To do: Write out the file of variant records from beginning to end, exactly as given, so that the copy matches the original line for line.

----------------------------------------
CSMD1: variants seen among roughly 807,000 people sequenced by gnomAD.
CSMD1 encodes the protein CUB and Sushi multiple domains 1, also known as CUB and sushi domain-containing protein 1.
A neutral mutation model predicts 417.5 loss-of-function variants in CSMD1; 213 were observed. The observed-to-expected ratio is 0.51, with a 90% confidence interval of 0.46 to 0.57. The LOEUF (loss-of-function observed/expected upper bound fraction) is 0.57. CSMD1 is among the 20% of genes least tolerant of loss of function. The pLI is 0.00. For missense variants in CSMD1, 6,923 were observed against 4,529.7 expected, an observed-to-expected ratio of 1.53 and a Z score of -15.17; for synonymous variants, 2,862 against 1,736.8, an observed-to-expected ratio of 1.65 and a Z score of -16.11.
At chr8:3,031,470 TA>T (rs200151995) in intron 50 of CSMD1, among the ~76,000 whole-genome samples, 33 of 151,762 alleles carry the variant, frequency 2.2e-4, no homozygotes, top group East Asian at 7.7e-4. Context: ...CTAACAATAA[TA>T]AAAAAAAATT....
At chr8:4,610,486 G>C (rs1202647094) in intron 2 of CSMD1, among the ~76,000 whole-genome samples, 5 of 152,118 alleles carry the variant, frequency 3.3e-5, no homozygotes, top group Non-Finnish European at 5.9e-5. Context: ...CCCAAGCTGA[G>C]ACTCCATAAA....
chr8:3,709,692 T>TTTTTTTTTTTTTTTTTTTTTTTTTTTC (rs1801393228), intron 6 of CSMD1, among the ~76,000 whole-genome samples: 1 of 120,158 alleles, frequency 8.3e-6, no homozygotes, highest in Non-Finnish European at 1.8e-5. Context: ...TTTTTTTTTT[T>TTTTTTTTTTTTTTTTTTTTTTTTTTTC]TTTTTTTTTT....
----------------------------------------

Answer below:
CSMD1: variants seen among roughly 807,000 people sequenced by gnomAD.
CSMD1 encodes the protein CUB and Sushi multiple domains 1, also known as CUB and sushi domain-containing protein 1.
A neutral mutation model predicts 417.5 loss-of-function variants in CSMD1; 213 were observed. The observed-to-expected ratio is 0.51, with a 90% confidence interval of 0.46 to 0.57. The LOEUF (loss-of-function observed/expected upper bound fraction) is 0.57. CSMD1 is among the 20% of genes least tolerant of loss of function. The pLI is 0.00. For missense variants in CSMD1, 6,923 were observed against 4,529.7 expected, an observed-to-expected ratio of 1.53 and a Z score of -15.17; for synonymous variants, 2,862 against 1,736.8, an observed-to-expected ratio of 1.65 and a Z score of -16.11.
At chr8:3,031,470 TA>T (rs200151995) in intron 50 of CSMD1, among the ~76,000 whole-genome samples, 33 of 151,762 alleles carry the variant, frequency 2.2e-4, no homozygotes, top group East Asian at 7.7e-4. Context: ...CTAACAATAA[TA>T]AAAAAAAATT....
At chr8:4,610,486 G>C (rs1202647094) in intron 2 of CSMD1, among the ~76,000 whole-genome samples, 5 of 152,118 alleles carry the variant, frequency 3.3e-5, no homozygotes, top group Non-Finnish European at 5.9e-5. Context: ...CCCAAGCTGA[G>C]ACTCCATAAA....
chr8:3,709,692 T>TTTTTTTTTTTTTTTTTTTTTTTTTTTC (rs1801393228), intron 6 of CSMD1, among the ~76,000 whole-genome samples: 1 of 120,158 alleles, frequency 8.3e-6, no homozygotes, highest in Non-Finnish European at 1.8e-5. Context: ...TTTTTTTTTT[T>TTTTTTTTTTTTTTTTTTTTTTTTTTTC]TTTTTTTTTT....